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Mr American (Flashman Papers) [Paperback]

George MacDonald Fraser
4.0 out of 5 stars  See all reviews (20 customer reviews)
RRP: £9.99
Price: £6.89 & FREE Delivery in the UK on orders over £10. Details
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Book Description

1 Sep 2008 Flashman Papers

Repackaged to tie-in with hardback publication of ‘The Reavers’ and to appeal to a new generation of George MacDonald Fraser fans, ‘Mr American’ is a swashbuckling romp of a novel.

Mark Franklin came from the American West to Edwardian England with two long-barrelled .44s in his baggage and a fortune in silver in the bank. Where he had got it and what he was looking for no one could guess, although they wondered – at Scotland Yard, in City offices, in the glittering theatreland of the West End, in the highest circles of Society (even King Edward was puzzled) and in the humble pub at Castle Lancing. Tall dark and dangerous, soft spoken and alone, with London at his feet and a dark shadow in his past, he was a mystery to all of them, rustics and royalty, squires and suffragettes, the women who loved him and the men who feared and hated him. He came from a far frontier in another world, yet he was by no means a stranger… even old General Flashman, who knew men and mischief better than most, never guessed the whole truth about “Mr American”.

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Frequently Bought Together

Mr American (Flashman Papers) + Black Ajax + The Pyrates
Price For All Three: £20.47

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Product details

  • Paperback: 592 pages
  • Publisher: Harper; New Ed edition (1 Sep 2008)
  • Language: English
  • ISBN-10: 0006470181
  • ISBN-13: 978-0006470182
  • Product Dimensions: 13 x 3.8 x 19.6 cm
  • Average Customer Review: 4.0 out of 5 stars  See all reviews (20 customer reviews)
  • Amazon Bestsellers Rank: 160,711 in Books (See Top 100 in Books)

More About the Author

The author of the famous 'Flashman Papers' and the 'Private McAuslan' stories, George MacDonald Fraser has worked on newspapers in Britain and Canada. In addition to his novels he has also written numerous films, most notably 'The Three Musketeers', 'The Four Musketeers', and the James Bond film, 'Octopussy'. George Macdonald Fraser died in January 2008 at the age of 82.

Product Description


Praise for ‘Black Ajax’:

‘Mr Fraser is a great historical novelist and in Black Ajax he is at the very top of his form. Damme if he ain’t.’
Christopher Matthew, Daily Mail

‘This is not a flashy novel, wearing its learning noisily. It’s rigorous, intelligent, meticulously horrifying. Wonderfully well done.’
Nicci Gerrard, Observer

Book Description

“Every page is sheer unadulterated pleasure.” The Times

--This text refers to an out of print or unavailable edition of this title.

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Customer Reviews

Most Helpful Customer Reviews
12 of 12 people found the following review helpful
5.0 out of 5 stars A quiet classic 7 Jun 2008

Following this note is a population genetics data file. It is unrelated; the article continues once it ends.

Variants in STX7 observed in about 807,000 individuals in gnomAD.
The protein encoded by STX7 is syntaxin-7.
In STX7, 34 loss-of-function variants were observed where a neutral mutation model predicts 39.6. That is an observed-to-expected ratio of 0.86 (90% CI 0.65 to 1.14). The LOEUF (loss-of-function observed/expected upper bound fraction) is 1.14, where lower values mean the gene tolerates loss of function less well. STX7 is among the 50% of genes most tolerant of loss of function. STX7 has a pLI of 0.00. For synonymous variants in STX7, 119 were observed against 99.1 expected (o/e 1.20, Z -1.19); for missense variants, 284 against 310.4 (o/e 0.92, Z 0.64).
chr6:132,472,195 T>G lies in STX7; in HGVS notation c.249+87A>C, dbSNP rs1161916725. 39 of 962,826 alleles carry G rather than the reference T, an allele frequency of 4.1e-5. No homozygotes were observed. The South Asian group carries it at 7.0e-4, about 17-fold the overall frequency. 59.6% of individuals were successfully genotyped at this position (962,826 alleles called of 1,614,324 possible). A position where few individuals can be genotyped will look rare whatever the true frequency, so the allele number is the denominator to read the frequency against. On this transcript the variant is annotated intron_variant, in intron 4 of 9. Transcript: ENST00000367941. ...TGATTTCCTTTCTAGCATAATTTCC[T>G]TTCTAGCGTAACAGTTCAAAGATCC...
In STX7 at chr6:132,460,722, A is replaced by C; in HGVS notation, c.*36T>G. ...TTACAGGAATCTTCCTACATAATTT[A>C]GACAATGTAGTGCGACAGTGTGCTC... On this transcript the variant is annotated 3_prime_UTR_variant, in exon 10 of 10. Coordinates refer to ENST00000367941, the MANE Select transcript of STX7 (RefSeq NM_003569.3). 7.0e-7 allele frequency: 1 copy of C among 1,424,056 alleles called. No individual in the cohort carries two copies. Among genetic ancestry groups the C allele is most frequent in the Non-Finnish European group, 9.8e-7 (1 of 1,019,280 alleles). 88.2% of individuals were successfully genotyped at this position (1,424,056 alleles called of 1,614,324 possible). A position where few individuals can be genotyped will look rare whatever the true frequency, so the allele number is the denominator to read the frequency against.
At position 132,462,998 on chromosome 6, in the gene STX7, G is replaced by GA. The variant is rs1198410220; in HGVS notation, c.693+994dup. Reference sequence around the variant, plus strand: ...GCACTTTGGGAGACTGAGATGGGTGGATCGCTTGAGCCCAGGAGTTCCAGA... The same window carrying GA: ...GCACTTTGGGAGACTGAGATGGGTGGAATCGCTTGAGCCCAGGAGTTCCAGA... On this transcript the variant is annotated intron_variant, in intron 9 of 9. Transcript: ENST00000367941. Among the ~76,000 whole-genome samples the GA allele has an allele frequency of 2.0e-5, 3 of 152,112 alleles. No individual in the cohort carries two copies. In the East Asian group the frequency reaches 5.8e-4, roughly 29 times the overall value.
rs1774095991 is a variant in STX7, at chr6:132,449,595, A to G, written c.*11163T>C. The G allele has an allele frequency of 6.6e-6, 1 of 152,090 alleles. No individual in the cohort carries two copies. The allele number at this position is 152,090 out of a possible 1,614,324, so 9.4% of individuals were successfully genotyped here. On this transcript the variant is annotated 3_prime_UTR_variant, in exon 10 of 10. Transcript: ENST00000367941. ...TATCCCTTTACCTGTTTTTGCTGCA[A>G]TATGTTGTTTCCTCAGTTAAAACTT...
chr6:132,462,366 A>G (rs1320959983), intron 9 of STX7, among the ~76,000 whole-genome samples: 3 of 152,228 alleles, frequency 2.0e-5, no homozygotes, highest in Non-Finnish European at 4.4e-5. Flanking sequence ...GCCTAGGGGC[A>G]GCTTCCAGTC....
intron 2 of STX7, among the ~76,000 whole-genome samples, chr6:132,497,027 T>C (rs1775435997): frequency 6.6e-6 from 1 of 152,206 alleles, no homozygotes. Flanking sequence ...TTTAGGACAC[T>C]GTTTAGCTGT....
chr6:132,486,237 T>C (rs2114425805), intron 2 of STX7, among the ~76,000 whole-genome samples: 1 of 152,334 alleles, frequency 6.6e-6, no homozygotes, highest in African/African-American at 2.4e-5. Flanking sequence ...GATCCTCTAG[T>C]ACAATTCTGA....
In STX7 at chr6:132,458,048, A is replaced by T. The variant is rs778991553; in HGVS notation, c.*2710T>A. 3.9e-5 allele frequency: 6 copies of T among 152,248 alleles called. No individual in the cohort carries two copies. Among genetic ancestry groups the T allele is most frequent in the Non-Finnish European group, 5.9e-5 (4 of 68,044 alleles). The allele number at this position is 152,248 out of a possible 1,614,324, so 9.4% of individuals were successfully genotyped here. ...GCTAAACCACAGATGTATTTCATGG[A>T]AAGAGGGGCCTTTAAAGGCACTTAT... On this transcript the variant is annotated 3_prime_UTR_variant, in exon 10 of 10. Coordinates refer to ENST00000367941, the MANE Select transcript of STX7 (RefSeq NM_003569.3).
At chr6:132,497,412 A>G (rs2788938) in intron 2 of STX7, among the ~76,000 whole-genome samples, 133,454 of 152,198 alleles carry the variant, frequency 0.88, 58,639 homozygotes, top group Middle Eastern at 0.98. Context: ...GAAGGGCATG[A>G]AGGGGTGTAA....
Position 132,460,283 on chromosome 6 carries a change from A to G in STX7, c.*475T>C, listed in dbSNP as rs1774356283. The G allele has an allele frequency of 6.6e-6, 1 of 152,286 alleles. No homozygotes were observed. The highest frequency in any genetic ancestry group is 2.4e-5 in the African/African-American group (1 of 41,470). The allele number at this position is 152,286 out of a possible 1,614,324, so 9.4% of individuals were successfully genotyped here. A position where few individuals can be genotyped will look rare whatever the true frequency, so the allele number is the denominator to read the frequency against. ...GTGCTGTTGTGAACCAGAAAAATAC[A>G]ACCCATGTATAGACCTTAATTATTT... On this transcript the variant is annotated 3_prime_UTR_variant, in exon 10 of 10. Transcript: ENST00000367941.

This is the George Macdonald Fraser book for people who don't usually read George Macdonald Fraser. The story of the American with a secret past coming 'home' to Edwardian England unfolds at a more leisurely pace than anything in the Flashman series, but it still has all the hallmarks that made Fraser such a superb writer: peerless dialogue, vividly realised characters (both fact and fiction: Edward VII, Kid Curry and a young Winston Churchill all make appearances), tautly-written moments of high drama and a beautifully observed sense of time and place. It reminded me slightly of RF Delderfield, only better written...and with added Flashman! Buy it - it's a quiet classic.
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23 of 24 people found the following review helpful
5.0 out of 5 stars A touch of Henry James, a touch of Flashman 1 Jan 2008
The names of George MacDonald Fraser and Harry Flashman are inseparable, and deservedly so. Few series of novels have combined history, character, humour, and sheer sustained entertainment as they have. But those who pick up this excellent book expecting another of the same are in for a shock.
It is the story of Mark Franklin, an American former outlaw who has made a fortune with a lucky strike in mining and comes to Edwardian England to settle down in Norfolk, the county his ancestors emigrated from several generations before. He becomes a country squire and city gent, marries into the upper classes, and has a surprisingly eventful time. And no, this is not a romp, it's a lovingly slow-paced detailed and substantial novel, brimming with introspection, description, and first-rate dialogue as Franklin discovers that the risks, the threats, and the bad guys may not be as obvious as they are Out West but they are real nonetheless There is a touch of a Henry James "American innocent abroad" about this strong quiet incomer, but his ability to cope is not in doubt.
For many readers the high spots will be Franklin's occasional encounters with the aged but still lively and unscrupulous Flashman, but there are many excellent characters and scenes that these should not be allowed to diminish.
Sometimes the author's lovingly-detailed background information and scene-setting gets a little too detailed and goes on a bit too long but this is a minor concern when set against the book's many good things. As an enjoyable and (as always with MacDonald Fraser) informative read it is highly recommended.
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3 of 3 people found the following review helpful
4.0 out of 5 stars Superb (but should have been superlative) 7 Aug 2012
By BeeGee